# File system Mount-point FS-type Options Dump FSCK-order

/dev/sda1 / ext2 defaults 1 1
proc /proc proc defaults 0 0
sys /sys sysfs defaults 0 0
devpts /dev/pts devpts gid=4,mode=620 0 0
/dev/sdb1 /media/usbkey/1 vfat noauto 0 0
/dev/sdb2 /media/usbkey/2 ext2 noauto 0 0
tmpfs /dev/shm tmpfs defaults 0 0
/dev/dvd /media/dvd auto noauto,user 0 0
/dev/fd0 /media/floppy auto noauto 0 0

# End /etc/fstab

Note the /dev/dvd line. The fourth item is 'noauto,user'. The user option allows normal users to mount this filesystem.


The other problem you mentioned was normal users not being able to access files within that filesystem. This is probably because the mount point /mnt/windows does not have the appropriate permissions set.
 
Old 02-21-2005, 02:41 AM   #5
vharishankar
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No. On some systems (e.g. like BeOS and Windows > 9x), you cannot access certain files from Linux even as root because the permissions are set from the other OS.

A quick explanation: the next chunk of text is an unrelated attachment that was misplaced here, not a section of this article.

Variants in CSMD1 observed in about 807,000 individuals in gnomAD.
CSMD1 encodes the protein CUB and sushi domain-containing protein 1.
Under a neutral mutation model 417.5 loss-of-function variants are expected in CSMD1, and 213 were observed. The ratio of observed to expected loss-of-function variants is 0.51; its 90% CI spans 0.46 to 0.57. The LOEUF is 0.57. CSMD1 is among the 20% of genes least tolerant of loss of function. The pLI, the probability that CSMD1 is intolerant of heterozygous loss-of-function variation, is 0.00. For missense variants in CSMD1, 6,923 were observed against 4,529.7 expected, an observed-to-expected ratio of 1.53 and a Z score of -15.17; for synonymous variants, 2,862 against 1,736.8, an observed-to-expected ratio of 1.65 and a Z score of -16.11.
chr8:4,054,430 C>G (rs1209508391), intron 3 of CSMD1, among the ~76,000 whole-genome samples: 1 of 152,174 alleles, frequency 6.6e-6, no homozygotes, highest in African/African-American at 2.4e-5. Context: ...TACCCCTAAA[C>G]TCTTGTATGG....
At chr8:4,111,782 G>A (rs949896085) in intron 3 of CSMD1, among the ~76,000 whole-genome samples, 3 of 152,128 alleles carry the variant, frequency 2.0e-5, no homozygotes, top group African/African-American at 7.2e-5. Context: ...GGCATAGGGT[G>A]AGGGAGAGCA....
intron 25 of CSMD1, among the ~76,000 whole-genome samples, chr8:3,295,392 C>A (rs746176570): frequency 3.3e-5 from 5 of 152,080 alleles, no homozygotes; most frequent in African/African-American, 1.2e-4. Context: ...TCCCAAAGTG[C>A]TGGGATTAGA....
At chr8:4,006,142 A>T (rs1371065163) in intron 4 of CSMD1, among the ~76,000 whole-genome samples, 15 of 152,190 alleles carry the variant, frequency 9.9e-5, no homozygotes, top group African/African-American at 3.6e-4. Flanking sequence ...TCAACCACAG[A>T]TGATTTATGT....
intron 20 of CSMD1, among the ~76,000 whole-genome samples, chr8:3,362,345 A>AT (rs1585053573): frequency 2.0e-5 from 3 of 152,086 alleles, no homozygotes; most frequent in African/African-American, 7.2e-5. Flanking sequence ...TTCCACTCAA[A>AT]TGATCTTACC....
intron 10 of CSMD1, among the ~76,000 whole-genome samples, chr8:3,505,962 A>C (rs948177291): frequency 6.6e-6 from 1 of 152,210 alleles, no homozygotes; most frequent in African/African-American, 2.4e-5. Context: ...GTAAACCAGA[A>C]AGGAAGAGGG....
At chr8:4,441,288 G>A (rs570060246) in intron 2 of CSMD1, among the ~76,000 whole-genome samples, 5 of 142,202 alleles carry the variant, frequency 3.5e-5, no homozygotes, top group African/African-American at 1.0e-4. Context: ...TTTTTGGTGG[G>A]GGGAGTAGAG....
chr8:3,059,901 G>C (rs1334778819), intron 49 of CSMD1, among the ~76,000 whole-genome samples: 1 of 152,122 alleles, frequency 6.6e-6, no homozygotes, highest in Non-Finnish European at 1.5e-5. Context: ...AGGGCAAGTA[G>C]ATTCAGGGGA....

The only way to solve it is to reboot to the other OS as administrator and set the permissions for each file you want to allow users to read and/or write.
 
Old 02-21-2005, 02:42 AM   #6
drguitarum2005
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Code:
# /etc/fstab: static file system information.
# $Header: /home/cvsroot/gentoo-src/rc-scripts/etc/fstab,v 1.14 2003/10/13 20:0$
#
# noatime turns off atimes for increased performance (atimes normally aren't
# needed; notail increases performance of ReiserFS (at the expense of storage
# efficiency).  It's safe to drop the noatime options if you want and to